"Two of the most vaunted physics results of the past few years—the announced discovery of both cosmic inflation and gravitational waves at the BICEP2 experiment in Antarctica, and the supposed discovery of superluminal neutrinos at the Swiss-Italian border--have now been retracted, with far less fanfare than when they were first published."
Finally, Williams aims his critique at the Cult of Science, likens it to a religion, and pinpoints both Neil DeGrasse Tyson and Bill Nye as popularizers whom have conducted little to no research on their own.
"If science was unprepared for the influx of careerists, it was even less prepared for the blossoming of the Cult of Science. The Cult is related to the phenomenon described as “scientism”; both have a tendency to treat the body of scientific knowledge as a holy book or an a-religious revelation that offers simple and decisive resolutions to deep questions. But it adds to this a pinch of glib frivolity and a dash of unembarrassed ignorance. Its rhetorical tics include a forced enthusiasm (a search on Twitter for the hashtag “#sciencedancing” speaks volumes) and a penchant for profanity. Here in Silicon Valley, one can scarcely go a day without seeing a t-shirt reading “Science: It works, b—es!” The hero of the recent popular movie The Martian boasts that he will “science the sh— out of” a situation. One of the largest groups on Facebook is titled “I f—ing love Science!” (a name which, combined with the group’s penchant for posting scarcely any actual scientific material but a lot of pictures of natural phenomena, has prompted more than one actual scientist of my acquaintance to mutter under her breath, “What you truly love is pictures”). Some of the Cult’s leaders like to play dress-up as scientists—Bill Nye and Neil deGrasse Tyson are two particularly prominent examples— but hardly any of them have contributed any research results of note. Rather, Cult leadership trends heavily in the direction of educators, popularizers, and journalists."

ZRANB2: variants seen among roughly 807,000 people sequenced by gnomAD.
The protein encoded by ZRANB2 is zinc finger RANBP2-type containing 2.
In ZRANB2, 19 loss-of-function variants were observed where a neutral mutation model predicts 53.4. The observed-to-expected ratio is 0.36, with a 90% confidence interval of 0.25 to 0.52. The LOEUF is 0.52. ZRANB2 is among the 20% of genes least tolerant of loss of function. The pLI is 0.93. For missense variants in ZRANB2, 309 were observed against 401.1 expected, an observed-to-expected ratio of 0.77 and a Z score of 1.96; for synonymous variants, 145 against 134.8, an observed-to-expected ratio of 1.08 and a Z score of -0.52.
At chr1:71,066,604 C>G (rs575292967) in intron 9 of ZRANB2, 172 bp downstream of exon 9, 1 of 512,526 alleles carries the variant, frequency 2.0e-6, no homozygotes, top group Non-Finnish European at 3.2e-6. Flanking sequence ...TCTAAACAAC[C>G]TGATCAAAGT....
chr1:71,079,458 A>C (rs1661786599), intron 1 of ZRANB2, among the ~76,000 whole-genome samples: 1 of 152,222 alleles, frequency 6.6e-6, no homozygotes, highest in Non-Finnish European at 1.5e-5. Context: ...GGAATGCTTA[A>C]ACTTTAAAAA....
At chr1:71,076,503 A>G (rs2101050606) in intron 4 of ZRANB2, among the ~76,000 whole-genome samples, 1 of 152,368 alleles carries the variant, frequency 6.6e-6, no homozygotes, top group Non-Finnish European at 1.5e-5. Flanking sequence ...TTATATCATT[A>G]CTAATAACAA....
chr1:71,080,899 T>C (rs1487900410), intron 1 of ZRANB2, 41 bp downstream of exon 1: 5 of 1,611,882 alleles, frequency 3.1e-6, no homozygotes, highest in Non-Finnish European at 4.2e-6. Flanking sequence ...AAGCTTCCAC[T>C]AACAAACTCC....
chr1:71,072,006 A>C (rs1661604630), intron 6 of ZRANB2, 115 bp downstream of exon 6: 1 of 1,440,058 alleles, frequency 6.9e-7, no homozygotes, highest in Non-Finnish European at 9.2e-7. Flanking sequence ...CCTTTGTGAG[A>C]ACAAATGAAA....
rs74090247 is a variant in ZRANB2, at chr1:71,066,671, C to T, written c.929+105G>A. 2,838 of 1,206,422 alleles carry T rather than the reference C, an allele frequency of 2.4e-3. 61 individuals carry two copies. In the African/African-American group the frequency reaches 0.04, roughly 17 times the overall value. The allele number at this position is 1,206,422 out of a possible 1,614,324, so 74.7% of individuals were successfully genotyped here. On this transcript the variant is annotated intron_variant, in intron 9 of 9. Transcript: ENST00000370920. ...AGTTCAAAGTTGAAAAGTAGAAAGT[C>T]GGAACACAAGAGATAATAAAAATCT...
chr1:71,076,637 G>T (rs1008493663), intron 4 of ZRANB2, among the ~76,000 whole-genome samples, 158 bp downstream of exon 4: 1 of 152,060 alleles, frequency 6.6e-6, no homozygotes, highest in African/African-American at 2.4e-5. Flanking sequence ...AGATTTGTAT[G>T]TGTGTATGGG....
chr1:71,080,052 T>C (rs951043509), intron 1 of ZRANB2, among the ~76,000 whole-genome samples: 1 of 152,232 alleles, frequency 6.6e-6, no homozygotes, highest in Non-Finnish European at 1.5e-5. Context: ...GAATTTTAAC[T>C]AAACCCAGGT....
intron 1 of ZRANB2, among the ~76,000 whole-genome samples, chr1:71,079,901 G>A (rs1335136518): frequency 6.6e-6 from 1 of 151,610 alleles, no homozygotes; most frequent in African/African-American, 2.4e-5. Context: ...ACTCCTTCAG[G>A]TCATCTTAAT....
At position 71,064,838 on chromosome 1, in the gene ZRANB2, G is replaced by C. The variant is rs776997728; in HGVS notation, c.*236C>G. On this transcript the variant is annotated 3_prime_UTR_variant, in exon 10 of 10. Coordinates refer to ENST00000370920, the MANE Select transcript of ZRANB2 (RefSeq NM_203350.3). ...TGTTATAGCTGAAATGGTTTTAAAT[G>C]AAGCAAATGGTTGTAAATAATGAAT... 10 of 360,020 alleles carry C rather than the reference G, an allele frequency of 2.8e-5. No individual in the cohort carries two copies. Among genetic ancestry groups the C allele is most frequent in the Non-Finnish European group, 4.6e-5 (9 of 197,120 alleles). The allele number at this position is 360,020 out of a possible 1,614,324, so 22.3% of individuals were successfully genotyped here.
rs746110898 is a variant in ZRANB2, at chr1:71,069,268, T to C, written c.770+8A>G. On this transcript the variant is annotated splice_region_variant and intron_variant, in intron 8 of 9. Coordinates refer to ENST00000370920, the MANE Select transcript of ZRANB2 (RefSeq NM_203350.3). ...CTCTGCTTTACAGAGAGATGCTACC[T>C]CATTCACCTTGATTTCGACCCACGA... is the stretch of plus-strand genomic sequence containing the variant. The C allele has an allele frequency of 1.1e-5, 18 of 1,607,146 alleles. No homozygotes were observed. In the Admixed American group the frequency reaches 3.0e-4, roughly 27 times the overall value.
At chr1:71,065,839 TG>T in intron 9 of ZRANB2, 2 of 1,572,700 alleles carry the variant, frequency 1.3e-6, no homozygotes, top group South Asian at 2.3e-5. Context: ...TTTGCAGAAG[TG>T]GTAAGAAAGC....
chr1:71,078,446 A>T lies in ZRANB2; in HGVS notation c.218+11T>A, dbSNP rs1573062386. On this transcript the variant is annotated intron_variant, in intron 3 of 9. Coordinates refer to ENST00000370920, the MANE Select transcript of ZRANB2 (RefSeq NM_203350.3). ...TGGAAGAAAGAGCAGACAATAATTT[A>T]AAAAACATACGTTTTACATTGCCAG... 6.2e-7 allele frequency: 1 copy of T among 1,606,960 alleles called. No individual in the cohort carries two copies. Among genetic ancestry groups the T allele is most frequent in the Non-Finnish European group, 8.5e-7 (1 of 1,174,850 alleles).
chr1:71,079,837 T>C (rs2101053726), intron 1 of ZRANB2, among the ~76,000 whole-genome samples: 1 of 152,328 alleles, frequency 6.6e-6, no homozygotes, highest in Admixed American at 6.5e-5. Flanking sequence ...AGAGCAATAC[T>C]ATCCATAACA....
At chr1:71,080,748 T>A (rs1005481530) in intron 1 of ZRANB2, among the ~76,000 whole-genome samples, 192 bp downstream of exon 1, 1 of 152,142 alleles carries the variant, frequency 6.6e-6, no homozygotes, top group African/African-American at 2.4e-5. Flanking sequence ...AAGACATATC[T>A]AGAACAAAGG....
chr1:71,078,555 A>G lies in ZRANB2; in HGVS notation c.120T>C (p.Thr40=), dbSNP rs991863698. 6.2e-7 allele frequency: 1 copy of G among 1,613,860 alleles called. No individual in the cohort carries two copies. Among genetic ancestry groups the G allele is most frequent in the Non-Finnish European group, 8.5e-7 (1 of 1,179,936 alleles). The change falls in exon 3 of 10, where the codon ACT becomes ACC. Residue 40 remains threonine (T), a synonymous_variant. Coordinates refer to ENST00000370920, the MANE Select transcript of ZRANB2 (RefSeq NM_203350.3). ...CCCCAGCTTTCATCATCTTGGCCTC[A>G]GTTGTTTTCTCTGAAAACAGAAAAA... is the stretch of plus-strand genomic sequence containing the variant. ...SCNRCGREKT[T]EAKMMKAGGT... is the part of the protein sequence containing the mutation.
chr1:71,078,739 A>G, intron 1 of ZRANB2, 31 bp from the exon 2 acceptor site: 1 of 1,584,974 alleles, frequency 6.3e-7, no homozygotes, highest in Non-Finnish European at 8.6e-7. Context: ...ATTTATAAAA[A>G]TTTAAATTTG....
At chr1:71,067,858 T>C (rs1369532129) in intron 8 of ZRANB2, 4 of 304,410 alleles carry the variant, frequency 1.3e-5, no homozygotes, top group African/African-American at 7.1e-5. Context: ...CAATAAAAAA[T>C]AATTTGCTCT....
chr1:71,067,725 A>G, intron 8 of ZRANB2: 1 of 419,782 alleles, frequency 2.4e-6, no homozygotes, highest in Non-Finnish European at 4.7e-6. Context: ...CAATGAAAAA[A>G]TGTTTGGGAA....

"When cultural trends attempt to render science a sort of religion-less clericalism, scientists are apt to forget that they are made of the same crooked timber as the rest of humanity and will necessarily imperil the work that they do. The greatest friends of the Cult of Science are the worst enemies of science’s actual practice."
William A. Wilson is a software engineer in the San Francisco Bay Area.
Life Noggin releases video, 'This is How We Know The Earth Is Flat' in the wake of D. Marble taking his Spirit Level on an Airplane
Broadcasting to more than 1.3 Million subscribers, Life Noggin has hopped on the Flat Earth Debunk Train. Their recent video, made in response to D. Marble's Spirit Level Experiment (Flat Earthers toss him a like, he got a lotta hate for it), and has a sum total half a million views, about the same as D. Marble's video. We're gonna walk through the points Life Noggin made one by one, and see what's what. Here goes:
"Right now you're probably watching this video from somewhere on Earth. That big round beautiful planet humans call home. But how do you know the earth is round?"
FIRST REBUTTAL: FLAT EARTHERS DO NOT CLAIM THE EARTH IS NOT ROUND. THEY CLAIM THE EARTH IS NOT A SPHERE AT THE SIZE WE HAVE BEEN TOLD, AND EITHER IT'S A BIGGER SPHERE OR IT'S LEVEL AS IT APPEARS TO BE (WITHSTANDING MOUNTAINS AND VALLEYS). THIS IS A KEY LANGUAGE ISSUE AS THE EARTH COULD BE ROUND AND FLAT, LIKE DINNER PLATES, FRISBEES, LAKES, AND MANY OTHER THINGS.
"But how do we know the earth is round? Your senses would tell you the earth is flat.
This is true. Our senses indicate a flat and stationary earth.